Background: SAGM is currently the standard additive solution used in Europe, while AS-3 is the third additive solution that has been licensed in the USA, and is also the one used in part of Canada. Although AS-3 is based on a saline-adenine-glucose solution, it also contains citrate and phosphate. Storage of red blood cell concentrates in CPD-SAGM is known to lead to the accumulation of a wide series of storage lesions, including membrane protein fragmentation and vesiculation, as we could previously determine through 2-dimensional gel electrophoresis.
Materials and methods: Through 2D-SDS-IEF-polyacrilamide gel electrophoresis we performed a time course analysis (day 0, 21 and 42 of storage) of red blood cell membranes from leukocyte-filtered concentrates either stored in CPD-SAGM or CP2D-AS-3.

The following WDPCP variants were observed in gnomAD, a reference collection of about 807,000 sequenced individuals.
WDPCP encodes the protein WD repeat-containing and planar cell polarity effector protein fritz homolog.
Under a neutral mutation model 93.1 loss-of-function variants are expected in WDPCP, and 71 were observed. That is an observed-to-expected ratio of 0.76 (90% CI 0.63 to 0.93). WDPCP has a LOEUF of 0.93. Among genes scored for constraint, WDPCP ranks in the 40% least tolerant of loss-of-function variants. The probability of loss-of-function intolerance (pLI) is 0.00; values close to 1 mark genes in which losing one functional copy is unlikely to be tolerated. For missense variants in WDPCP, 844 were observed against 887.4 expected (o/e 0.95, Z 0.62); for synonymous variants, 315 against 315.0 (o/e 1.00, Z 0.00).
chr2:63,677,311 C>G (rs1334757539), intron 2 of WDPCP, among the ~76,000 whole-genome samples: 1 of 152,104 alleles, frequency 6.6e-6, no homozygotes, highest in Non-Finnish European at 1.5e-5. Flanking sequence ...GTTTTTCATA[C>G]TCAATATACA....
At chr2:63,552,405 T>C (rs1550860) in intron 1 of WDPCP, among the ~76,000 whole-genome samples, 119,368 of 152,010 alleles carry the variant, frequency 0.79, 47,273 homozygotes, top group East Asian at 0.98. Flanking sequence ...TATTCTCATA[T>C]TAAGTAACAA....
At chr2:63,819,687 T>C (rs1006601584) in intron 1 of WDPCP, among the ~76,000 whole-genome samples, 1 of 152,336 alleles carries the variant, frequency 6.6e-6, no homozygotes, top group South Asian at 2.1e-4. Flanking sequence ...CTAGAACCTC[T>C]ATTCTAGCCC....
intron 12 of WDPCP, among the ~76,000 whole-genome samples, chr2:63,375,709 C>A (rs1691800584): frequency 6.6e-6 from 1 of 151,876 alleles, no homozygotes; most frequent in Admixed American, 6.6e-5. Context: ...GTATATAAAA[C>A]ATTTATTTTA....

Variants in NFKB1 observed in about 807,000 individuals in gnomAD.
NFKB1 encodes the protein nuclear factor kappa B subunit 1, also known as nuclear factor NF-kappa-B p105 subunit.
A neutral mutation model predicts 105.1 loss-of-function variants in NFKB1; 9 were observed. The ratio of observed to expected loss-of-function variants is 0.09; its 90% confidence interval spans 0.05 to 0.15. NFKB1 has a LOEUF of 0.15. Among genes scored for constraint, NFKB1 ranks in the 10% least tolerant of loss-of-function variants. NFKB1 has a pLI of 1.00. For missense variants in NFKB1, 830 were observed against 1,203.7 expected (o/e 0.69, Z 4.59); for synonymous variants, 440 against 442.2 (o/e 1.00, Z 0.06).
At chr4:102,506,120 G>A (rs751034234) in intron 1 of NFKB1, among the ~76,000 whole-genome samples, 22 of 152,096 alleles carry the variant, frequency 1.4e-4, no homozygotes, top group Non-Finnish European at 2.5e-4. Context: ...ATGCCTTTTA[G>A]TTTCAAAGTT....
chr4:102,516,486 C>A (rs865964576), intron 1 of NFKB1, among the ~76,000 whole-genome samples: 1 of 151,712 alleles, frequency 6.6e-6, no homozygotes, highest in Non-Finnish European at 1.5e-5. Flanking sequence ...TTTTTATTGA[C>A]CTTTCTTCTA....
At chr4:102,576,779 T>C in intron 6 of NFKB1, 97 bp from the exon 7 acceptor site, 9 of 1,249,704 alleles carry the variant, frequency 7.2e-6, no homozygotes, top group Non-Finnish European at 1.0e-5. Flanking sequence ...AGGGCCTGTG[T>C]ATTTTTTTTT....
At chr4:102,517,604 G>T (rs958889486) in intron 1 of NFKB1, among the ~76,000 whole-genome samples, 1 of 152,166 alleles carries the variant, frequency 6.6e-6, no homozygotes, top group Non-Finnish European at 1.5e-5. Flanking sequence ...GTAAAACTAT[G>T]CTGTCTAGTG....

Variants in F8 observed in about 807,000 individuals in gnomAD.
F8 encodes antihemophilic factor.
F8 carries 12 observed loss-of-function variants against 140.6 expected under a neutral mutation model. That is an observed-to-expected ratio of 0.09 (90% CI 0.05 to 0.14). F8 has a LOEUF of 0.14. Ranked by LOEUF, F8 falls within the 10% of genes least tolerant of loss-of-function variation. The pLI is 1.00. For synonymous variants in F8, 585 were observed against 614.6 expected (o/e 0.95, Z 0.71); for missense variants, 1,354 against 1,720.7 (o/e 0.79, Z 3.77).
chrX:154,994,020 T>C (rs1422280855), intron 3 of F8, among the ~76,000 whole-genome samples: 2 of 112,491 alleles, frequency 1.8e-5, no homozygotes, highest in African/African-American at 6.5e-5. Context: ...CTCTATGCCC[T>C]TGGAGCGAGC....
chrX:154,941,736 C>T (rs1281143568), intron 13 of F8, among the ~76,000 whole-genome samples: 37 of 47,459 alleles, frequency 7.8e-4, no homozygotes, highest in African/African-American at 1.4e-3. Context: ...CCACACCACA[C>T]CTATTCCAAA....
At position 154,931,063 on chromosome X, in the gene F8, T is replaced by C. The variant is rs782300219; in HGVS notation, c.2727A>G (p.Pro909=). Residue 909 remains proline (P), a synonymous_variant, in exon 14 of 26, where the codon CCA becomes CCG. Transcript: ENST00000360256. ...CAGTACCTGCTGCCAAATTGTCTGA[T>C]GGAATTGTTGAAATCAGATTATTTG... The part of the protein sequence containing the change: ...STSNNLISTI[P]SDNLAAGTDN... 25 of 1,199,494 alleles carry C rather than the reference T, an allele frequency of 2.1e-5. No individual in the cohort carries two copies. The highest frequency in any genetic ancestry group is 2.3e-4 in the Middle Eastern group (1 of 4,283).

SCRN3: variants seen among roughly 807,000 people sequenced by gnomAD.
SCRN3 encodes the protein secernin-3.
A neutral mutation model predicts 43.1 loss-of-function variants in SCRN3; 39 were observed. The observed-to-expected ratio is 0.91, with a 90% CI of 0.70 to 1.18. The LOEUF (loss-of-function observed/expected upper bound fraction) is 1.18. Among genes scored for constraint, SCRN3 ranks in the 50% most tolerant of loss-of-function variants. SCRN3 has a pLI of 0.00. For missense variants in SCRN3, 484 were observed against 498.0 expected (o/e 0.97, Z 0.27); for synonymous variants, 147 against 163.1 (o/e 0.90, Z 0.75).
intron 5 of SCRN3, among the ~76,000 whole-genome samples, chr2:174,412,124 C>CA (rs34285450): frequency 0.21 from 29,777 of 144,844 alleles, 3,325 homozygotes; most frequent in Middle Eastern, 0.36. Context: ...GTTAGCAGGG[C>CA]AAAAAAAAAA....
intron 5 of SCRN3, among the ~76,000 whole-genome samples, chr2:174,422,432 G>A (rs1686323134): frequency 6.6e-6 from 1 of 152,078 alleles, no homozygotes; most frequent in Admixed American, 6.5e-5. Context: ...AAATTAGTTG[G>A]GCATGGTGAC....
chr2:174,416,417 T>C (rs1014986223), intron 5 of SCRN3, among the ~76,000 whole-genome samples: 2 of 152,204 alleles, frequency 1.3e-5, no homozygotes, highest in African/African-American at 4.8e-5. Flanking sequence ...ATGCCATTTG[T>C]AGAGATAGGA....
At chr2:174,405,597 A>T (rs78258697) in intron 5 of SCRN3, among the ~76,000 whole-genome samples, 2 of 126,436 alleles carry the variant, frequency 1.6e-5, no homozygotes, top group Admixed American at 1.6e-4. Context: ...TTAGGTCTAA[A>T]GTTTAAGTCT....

Results and discussion: From the present study it emerges that the membrane protein profile of red blood cells stored in presence of AS-3 appears to be slightly different from (better than) previous reports on SAGM-stored counterparts. However, the increase of total membrane spot number due to the presence of fragments at day 21 and the significant decrease at day 42 are suggestive of a universal phenomenon which is not efficiently tackled by either of the two additive solutions investigated in the present study.
Conclusion: To further delve into the storage lesion issue for RBCs stored in AS-3, it would be interesting in the future to assay metabolic changes over storage progression as well.